[Originally published on the blog of the Sherman Centre for Digital Scholarship]
I am not writing this blog post from my cubicle in the Sherman Centre but from the Mount Scopus campus of the Hebrew University of Jerusalem. During my 2018–2019 graduate residency, I secured an Azrieli International Postdoctoral Fellowship at the Hebrew University in Jerusalem. I drew on my work at the Sherman Centre to develop a research proposal for this fellowship. This post will describe the contours of the project that I proposed and highlight how it draws on my previous work on 3D modelling at the Sherman Centre.
The big question that I am addressing in my project is how the Thanksgiving Psalms from Qumran fit among the liturgically-oriented texts found among the Dead Sea Scrolls. The “Hodayot” or “Thanksgiving Psalms” are a collection of somewhere between twenty and thirty Jewish psalms found in eight fragmentary manuscripts dating from 100–1 BCE. The number is uncertain because only 75% of the largest and best-preserved manuscript (1QHa) has survived and the transitions between psalms are missing in some cases. The scrolls come from Cave 1 (1QHa–b) and Cave 4 (4QHa–f) near the archaeological site of Qumran, just off the northwestern shore of the Dead Sea in the West Bank.1 Hartmut Stegemann’s reconstruction of 1QHa revealed that a number of the psalms toward the beginning and end of the manuscript contain liturgical elements, to the extent that if they are not in themselves liturgical texts, they are oriented toward early Judaism’s emerging liturgical literature. What I describe as “liturgically-oriented texts” include compositions that are intended as scripts for liturgical practices, that describe such practices, or draw upon liturgical language and concepts.2 A number of these liturgically-oriented psalms are arranged in a unique collection in 4QHa.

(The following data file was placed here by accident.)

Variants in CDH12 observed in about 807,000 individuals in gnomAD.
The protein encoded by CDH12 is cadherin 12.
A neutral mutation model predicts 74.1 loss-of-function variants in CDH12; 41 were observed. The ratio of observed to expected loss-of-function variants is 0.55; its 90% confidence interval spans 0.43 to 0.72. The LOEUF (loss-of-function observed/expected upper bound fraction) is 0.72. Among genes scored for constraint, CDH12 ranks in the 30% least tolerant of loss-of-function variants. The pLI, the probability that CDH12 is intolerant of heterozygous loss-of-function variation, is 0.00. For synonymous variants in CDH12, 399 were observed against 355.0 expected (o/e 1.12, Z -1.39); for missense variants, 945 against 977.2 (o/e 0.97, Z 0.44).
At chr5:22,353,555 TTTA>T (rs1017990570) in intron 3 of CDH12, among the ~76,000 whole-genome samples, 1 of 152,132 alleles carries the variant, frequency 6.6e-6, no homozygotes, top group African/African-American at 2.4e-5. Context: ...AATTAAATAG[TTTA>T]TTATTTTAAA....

Of course, liturgy and liturgical practices go well beyond texts and manuscripts.3 Stefan Reif and Judith Newman describe liturgy as a “constellation of practices,” that encompass “the whole gamut of worship in and around the study of sacred texts, the acts of eating and fasting, and of course, benedictions, prayers and amulets.”4 Liturgically-oriented texts found in ancient scrolls are some of the only surviving pieces of material culture that point toward a much larger socio-religious reality of liturgical performances that involved people, places, times, and practices.